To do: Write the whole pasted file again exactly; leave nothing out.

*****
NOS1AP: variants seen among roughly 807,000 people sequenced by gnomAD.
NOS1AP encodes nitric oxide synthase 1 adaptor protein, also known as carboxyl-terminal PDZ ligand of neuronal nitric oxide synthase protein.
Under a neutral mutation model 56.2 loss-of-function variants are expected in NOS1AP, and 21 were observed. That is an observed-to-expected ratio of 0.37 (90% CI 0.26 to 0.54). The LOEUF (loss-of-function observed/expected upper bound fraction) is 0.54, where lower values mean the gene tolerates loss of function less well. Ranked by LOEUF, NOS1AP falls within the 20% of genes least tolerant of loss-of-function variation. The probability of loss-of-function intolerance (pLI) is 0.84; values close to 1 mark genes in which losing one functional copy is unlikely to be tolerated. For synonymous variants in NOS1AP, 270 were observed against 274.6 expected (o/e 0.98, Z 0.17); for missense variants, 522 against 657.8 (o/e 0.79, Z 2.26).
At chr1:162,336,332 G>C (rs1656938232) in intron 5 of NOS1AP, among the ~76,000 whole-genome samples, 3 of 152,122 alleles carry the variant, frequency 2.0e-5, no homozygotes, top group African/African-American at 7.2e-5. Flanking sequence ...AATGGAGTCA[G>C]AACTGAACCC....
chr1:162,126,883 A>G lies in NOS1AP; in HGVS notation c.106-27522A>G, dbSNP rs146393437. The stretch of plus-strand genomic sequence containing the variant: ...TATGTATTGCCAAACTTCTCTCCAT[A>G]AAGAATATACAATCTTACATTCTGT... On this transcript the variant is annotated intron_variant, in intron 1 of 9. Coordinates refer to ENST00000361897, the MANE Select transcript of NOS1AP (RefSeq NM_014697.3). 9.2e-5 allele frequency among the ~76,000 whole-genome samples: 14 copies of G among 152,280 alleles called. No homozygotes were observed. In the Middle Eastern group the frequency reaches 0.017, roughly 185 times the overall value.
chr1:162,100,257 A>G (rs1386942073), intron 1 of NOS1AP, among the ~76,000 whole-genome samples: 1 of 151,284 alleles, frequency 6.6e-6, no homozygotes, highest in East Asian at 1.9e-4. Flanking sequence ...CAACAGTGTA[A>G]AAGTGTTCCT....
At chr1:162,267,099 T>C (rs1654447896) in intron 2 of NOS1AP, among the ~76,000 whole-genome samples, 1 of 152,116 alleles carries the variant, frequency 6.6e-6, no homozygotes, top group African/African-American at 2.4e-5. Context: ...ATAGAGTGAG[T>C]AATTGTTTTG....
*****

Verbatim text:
NOS1AP: variants seen among roughly 807,000 people sequenced by gnomAD.
NOS1AP encodes nitric oxide synthase 1 adaptor protein, also known as carboxyl-terminal PDZ ligand of neuronal nitric oxide synthase protein.
Under a neutral mutation model 56.2 loss-of-function variants are expected in NOS1AP, and 21 were observed. That is an observed-to-expected ratio of 0.37 (90% CI 0.26 to 0.54). The LOEUF (loss-of-function observed/expected upper bound fraction) is 0.54, where lower values mean the gene tolerates loss of function less well. Ranked by LOEUF, NOS1AP falls within the 20% of genes least tolerant of loss-of-function variation. The probability of loss-of-function intolerance (pLI) is 0.84; values close to 1 mark genes in which losing one functional copy is unlikely to be tolerated. For synonymous variants in NOS1AP, 270 were observed against 274.6 expected (o/e 0.98, Z 0.17); for missense variants, 522 against 657.8 (o/e 0.79, Z 2.26).
At chr1:162,336,332 G>C (rs1656938232) in intron 5 of NOS1AP, among the ~76,000 whole-genome samples, 3 of 152,122 alleles carry the variant, frequency 2.0e-5, no homozygotes, top group African/African-American at 7.2e-5. Flanking sequence ...AATGGAGTCA[G>C]AACTGAACCC....
chr1:162,126,883 A>G lies in NOS1AP; in HGVS notation c.106-27522A>G, dbSNP rs146393437. The stretch of plus-strand genomic sequence containing the variant: ...TATGTATTGCCAAACTTCTCTCCAT[A>G]AAGAATATACAATCTTACATTCTGT... On this transcript the variant is annotated intron_variant, in intron 1 of 9. Coordinates refer to ENST00000361897, the MANE Select transcript of NOS1AP (RefSeq NM_014697.3). 9.2e-5 allele frequency among the ~76,000 whole-genome samples: 14 copies of G among 152,280 alleles called. No homozygotes were observed. In the Middle Eastern group the frequency reaches 0.017, roughly 185 times the overall value.
chr1:162,100,257 A>G (rs1386942073), intron 1 of NOS1AP, among the ~76,000 whole-genome samples: 1 of 151,284 alleles, frequency 6.6e-6, no homozygotes, highest in East Asian at 1.9e-4. Flanking sequence ...CAACAGTGTA[A>G]AAGTGTTCCT....
At chr1:162,267,099 T>C (rs1654447896) in intron 2 of NOS1AP, among the ~76,000 whole-genome samples, 1 of 152,116 alleles carries the variant, frequency 6.6e-6, no homozygotes, top group African/African-American at 2.4e-5. Context: ...ATAGAGTGAG[T>C]AATTGTTTTG....